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Encyclopedia > Thomas Bowdler

Thomas Bowdler (July 11, 1754February 24, 1825), an English physician, who published The Family Shakespeare, is best known as the source of the eponym bowdlerize (or bowdlerise[1]), the process of expurgation, censorship by removal, of material thought to be unacceptable to the intended audience, especially children or religious people. Examples would be replacing the f-word with the f-word, or by altogether removing the offending passage. July 11 is the 192nd day (193rd in leap years) of the year in the Gregorian Calendar, with 173 days remaining. ... 1754 was a common year starting on Tuesday (see link for calendar). ... February 24 is the 55th day of the year in the Gregorian Calendar. ... 1825 was a common year starting on Saturday (see link for calendar). ... Royal motto (French): Dieu et mon droit (Translated: God and my right) Englands location (dark green) within the United Kingdom (light green), with the Republic of Ireland (blue) to its west Languages None official English de facto Capital None official London de facto Largest city London Area – Total Ranked... An eponym is the name of a person, whether real or fictitious, which has (or is thought to have) given rise to the name of a particular place, tribe, discovery or other item. ... The examples and perspective in this article or section may not represent a worldwide view. ...


Biography

Bowdler was born near Bath, the son of a gentleman of independent means, studied medicine at St. Andrews and at Edinburgh, where he took his degree in 1776, but did not practice, devoting himself instead to the cause of prison reform. For other uses, see Bath (disambiguation). ... University of St Andrews The University of St Andrews was founded between 1410-1413 and is the oldest university in Scotland and the third oldest in the United Kingdom. ... The University of Edinburgh, founded in 1583, is a renowned centre for teaching and research in Edinburgh, Scotland. ... This article is about the year 1776. ...


He was a strong chess player for his day, and played a game against the best chess player of the time, François-André Danican Philidor [1], who was confident enough of his superiority to Bowdler that he gave odds. The first recorded game to feature a double Rook sacrifice was played between Bowdler (white) and H. Conway at London in 1788.[2] Chess is an abstract strategy board game for two players. ... portrait from L’analyze des échecs. ... Handicap in chess is a way to equal chances for players of different strengths. ... A rook (borrowed from Persian رخ rokh) is a piece in the strategy board game of chess. ... Marcus Aurelius and members of the Imperial family offer sacrifice in gratitude for success against Germanic tribes: contemporary bas-relief, Capitoline Museum, Rome Sacrifice (from a Middle English verb meaning to make sacred, from Old French, from Latin sacrificium : sacer, sacred; sacred + facere, to make) is commonly known as the...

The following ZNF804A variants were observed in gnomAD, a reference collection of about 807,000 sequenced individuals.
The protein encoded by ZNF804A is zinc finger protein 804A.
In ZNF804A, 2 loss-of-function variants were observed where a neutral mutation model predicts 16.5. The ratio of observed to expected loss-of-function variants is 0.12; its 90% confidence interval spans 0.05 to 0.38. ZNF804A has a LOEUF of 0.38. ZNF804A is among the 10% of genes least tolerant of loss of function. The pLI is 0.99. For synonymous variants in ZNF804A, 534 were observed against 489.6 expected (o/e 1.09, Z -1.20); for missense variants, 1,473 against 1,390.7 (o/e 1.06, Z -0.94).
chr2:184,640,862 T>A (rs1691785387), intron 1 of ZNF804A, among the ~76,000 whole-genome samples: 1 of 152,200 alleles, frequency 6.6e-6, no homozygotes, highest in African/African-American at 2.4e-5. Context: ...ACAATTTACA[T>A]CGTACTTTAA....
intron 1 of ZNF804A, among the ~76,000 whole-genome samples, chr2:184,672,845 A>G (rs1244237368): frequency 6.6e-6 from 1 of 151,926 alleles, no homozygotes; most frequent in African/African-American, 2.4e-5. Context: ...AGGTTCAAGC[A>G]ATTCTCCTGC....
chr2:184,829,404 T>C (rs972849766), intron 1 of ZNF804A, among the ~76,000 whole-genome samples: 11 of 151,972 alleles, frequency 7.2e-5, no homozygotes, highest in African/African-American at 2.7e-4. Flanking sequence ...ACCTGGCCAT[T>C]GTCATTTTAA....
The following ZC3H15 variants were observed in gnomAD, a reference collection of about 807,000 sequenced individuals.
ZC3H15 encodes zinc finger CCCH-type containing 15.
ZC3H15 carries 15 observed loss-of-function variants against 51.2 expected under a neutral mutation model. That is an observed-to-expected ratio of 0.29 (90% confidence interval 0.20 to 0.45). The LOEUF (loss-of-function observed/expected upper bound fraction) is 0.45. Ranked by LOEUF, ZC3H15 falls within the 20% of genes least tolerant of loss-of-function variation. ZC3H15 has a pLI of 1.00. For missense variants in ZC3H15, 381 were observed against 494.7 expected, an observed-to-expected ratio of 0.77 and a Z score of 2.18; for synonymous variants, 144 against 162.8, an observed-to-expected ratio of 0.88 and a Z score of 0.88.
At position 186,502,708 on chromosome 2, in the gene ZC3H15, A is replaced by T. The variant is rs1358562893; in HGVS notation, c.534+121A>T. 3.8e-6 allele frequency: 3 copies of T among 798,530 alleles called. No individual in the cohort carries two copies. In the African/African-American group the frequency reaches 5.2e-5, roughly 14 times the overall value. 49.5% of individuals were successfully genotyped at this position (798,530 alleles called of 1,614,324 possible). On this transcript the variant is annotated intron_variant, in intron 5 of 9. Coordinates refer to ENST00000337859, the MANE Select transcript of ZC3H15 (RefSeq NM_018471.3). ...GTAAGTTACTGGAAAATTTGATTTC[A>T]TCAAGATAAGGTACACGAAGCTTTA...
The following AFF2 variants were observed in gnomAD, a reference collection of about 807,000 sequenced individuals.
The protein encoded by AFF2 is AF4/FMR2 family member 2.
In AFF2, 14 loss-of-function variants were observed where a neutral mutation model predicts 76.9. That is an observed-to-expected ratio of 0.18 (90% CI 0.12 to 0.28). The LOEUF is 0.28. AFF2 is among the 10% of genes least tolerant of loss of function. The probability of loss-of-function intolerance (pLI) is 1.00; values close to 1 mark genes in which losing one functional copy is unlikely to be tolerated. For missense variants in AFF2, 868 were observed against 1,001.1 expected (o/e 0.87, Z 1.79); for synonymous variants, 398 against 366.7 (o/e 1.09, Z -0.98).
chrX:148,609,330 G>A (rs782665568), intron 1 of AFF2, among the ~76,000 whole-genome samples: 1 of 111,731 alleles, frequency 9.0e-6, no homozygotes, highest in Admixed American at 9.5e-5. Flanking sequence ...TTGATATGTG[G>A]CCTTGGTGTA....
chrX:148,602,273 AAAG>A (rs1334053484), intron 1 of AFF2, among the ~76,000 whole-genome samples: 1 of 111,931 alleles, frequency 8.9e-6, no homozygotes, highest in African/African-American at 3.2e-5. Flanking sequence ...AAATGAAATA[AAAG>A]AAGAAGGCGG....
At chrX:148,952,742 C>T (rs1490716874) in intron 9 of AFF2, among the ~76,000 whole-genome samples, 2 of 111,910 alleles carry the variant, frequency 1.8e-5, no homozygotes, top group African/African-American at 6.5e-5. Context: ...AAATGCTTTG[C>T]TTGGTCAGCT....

In 1818, after retiring to the Isle of Wight, he published his Family Shakespeare in 10 volumes, in which he "endeavoured to remove every thing that could give just offence to the religious and virtuous mind" and "in which nothing is added to the original text, but those words and expressions are omitted which cannot with propriety be read aloud in a family." The first edition of this text actually appeared in 1807 but was written by his sister Henrietta. It was, however, attributed to her brother until the twentieth century, since women were not expected to be able to identify anything which could give 'offence to the religious and virtuous mind.' 1818 (MDCCCXVIII) is a common year starting on Thursday of the Gregorian calendar or a common year starting on Saturday of the 12-day slower Julian calendar. ... The Isle of Wight is an English island, south of Southampton off the southern English coast. ... 1807 was a common year starting on Thursday (see link for calendar). ...


An example of the Bowdlers' work can be seen in their version of Hamlet in which the death of Ophelia was euphemistically referred to as an accidental drowning rather than the deliberate suicide implied by Shakespeare. The work had considerable success, four editions having been published before 1824 (and others after his death, in 1831, 1853, and 1861). A detail of the engraving of Daniel Maclises 1842 painting The Play-scene in Hamlet, portraying the moment when the guilt of Claudius is revealed. ... Millais famous portrait of Ophelia Ophelia is the submissive daughter of Polonius, a chief advisor to the new King Claudius, in the play Hamlet by William Shakespeare. ... 1824 was a leap year starting on Thursday (see link for calendar). ... Leopold I 1831 was a common year starting on Saturday (see link for calendar). ... 1853 was a common year starting on Saturday (see link for calendar). ... 1861 is a common year starting on Tuesday. ...